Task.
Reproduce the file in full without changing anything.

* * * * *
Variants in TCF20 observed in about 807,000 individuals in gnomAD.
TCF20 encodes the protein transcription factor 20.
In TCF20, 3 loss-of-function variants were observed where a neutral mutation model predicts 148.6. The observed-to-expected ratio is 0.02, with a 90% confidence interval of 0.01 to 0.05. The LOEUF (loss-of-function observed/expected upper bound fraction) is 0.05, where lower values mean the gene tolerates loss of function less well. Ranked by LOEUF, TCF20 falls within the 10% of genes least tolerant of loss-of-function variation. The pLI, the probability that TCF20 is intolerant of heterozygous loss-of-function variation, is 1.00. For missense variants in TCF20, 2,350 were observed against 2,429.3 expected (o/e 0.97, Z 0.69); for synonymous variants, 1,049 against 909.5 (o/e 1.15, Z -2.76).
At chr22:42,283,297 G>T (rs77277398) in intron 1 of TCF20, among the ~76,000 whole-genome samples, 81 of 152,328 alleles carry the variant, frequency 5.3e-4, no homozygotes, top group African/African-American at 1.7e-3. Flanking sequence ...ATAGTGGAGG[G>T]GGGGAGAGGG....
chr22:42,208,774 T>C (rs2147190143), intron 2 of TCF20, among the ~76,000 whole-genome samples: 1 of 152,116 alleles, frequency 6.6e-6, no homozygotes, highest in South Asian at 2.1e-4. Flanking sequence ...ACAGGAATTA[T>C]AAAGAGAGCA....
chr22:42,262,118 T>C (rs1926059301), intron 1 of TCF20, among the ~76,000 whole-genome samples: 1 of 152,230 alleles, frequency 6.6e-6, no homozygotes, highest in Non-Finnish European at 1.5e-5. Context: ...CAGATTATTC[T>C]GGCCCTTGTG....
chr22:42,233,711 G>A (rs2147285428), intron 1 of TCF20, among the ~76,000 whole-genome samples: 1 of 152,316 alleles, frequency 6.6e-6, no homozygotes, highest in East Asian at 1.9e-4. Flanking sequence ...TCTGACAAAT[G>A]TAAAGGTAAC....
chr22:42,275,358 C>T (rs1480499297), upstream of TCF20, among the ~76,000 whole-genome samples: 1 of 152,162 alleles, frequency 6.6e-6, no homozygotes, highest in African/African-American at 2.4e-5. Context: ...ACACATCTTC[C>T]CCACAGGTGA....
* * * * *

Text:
Variants in TCF20 observed in about 807,000 individuals in gnomAD.
TCF20 encodes the protein transcription factor 20.
In TCF20, 3 loss-of-function variants were observed where a neutral mutation model predicts 148.6. The observed-to-expected ratio is 0.02, with a 90% confidence interval of 0.01 to 0.05. The LOEUF (loss-of-function observed/expected upper bound fraction) is 0.05, where lower values mean the gene tolerates loss of function less well. Ranked by LOEUF, TCF20 falls within the 10% of genes least tolerant of loss-of-function variation. The pLI, the probability that TCF20 is intolerant of heterozygous loss-of-function variation, is 1.00. For missense variants in TCF20, 2,350 were observed against 2,429.3 expected (o/e 0.97, Z 0.69); for synonymous variants, 1,049 against 909.5 (o/e 1.15, Z -2.76).
At chr22:42,283,297 G>T (rs77277398) in intron 1 of TCF20, among the ~76,000 whole-genome samples, 81 of 152,328 alleles carry the variant, frequency 5.3e-4, no homozygotes, top group African/African-American at 1.7e-3. Flanking sequence ...ATAGTGGAGG[G>T]GGGGAGAGGG....
chr22:42,208,774 T>C (rs2147190143), intron 2 of TCF20, among the ~76,000 whole-genome samples: 1 of 152,116 alleles, frequency 6.6e-6, no homozygotes, highest in South Asian at 2.1e-4. Flanking sequence ...ACAGGAATTA[T>C]AAAGAGAGCA....
chr22:42,262,118 T>C (rs1926059301), intron 1 of TCF20, among the ~76,000 whole-genome samples: 1 of 152,230 alleles, frequency 6.6e-6, no homozygotes, highest in Non-Finnish European at 1.5e-5. Context: ...CAGATTATTC[T>C]GGCCCTTGTG....
chr22:42,233,711 G>A (rs2147285428), intron 1 of TCF20, among the ~76,000 whole-genome samples: 1 of 152,316 alleles, frequency 6.6e-6, no homozygotes, highest in East Asian at 1.9e-4. Flanking sequence ...TCTGACAAAT[G>A]TAAAGGTAAC....
chr22:42,275,358 C>T (rs1480499297), upstream of TCF20, among the ~76,000 whole-genome samples: 1 of 152,162 alleles, frequency 6.6e-6, no homozygotes, highest in African/African-American at 2.4e-5. Context: ...ACACATCTTC[C>T]CCACAGGTGA....